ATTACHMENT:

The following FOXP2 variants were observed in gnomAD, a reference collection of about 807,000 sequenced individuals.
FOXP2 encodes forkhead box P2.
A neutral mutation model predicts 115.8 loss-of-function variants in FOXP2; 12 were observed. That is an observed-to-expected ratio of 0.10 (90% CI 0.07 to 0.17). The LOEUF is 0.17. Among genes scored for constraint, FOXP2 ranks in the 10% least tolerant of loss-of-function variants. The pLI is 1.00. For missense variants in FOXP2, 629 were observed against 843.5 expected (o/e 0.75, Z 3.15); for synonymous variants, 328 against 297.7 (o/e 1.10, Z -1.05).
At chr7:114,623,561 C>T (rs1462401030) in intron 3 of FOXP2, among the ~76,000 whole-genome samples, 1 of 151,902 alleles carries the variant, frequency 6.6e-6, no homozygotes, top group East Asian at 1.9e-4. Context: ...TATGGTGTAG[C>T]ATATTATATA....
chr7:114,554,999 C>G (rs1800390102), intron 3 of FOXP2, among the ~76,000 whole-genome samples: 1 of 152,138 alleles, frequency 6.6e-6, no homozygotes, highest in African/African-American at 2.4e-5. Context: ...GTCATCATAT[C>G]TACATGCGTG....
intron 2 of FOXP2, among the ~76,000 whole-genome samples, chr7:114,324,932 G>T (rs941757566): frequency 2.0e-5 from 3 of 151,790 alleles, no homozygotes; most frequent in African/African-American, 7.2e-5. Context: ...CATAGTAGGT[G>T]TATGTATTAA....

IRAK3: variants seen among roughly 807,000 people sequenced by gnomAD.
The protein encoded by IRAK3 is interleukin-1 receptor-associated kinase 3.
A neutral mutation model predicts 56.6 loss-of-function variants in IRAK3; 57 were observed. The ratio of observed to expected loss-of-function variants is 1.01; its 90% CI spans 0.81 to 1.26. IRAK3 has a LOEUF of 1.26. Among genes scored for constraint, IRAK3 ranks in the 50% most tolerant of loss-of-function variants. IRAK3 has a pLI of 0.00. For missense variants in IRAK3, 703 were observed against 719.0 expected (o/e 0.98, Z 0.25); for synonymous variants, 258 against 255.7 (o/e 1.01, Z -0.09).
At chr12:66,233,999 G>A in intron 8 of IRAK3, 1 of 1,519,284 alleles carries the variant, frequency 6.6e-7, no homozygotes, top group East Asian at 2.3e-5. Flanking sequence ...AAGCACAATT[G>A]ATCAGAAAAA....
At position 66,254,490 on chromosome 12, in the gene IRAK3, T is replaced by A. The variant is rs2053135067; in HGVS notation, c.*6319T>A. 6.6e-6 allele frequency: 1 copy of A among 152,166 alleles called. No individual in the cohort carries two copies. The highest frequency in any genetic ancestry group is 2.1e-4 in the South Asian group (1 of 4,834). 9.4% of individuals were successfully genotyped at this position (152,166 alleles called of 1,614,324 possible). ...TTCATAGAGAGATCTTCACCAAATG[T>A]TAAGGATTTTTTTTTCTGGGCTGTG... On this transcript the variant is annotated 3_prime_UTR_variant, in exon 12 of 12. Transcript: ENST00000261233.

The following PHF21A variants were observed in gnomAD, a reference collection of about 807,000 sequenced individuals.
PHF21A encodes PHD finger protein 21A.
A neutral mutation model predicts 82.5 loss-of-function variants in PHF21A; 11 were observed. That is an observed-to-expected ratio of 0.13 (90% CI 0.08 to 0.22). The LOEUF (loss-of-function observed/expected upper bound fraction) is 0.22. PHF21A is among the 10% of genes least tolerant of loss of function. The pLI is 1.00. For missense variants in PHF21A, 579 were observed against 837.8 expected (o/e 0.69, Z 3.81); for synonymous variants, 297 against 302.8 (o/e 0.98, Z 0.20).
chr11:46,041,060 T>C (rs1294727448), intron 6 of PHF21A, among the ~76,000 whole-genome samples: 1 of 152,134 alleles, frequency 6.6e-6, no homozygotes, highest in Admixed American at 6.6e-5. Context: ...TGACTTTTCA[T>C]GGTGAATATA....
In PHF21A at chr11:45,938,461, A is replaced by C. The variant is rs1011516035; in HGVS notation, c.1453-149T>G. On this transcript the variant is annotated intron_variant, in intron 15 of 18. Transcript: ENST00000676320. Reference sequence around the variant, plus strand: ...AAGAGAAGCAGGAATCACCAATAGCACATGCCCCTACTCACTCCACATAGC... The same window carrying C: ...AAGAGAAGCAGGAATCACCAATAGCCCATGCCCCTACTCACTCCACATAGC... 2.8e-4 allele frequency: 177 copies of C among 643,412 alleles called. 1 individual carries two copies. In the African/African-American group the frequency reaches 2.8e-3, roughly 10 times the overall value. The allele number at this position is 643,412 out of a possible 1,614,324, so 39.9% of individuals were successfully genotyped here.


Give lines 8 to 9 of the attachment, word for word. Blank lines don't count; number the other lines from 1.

The protein encoded by IRAK3 is interleukin-1 receptor-associated kinase 3.
A neutral mutation model predicts 56.6 loss-of-function variants in IRAK3; 57 were observed. The ratio of observed to expected loss-of-function variants is 1.01; its 90% CI spans 0.81 to 1.26. IRAK3 has a LOEUF of 1.26. Among genes scored for constraint, IRAK3 ranks in the 50% most tolerant of loss-of-function variants. IRAK3 has a pLI of 0.00. For missense variants in IRAK3, 703 were observed against 719.0 expected (o/e 0.98, Z 0.25); for synonymous variants, 258 against 255.7 (o/e 1.01, Z -0.09).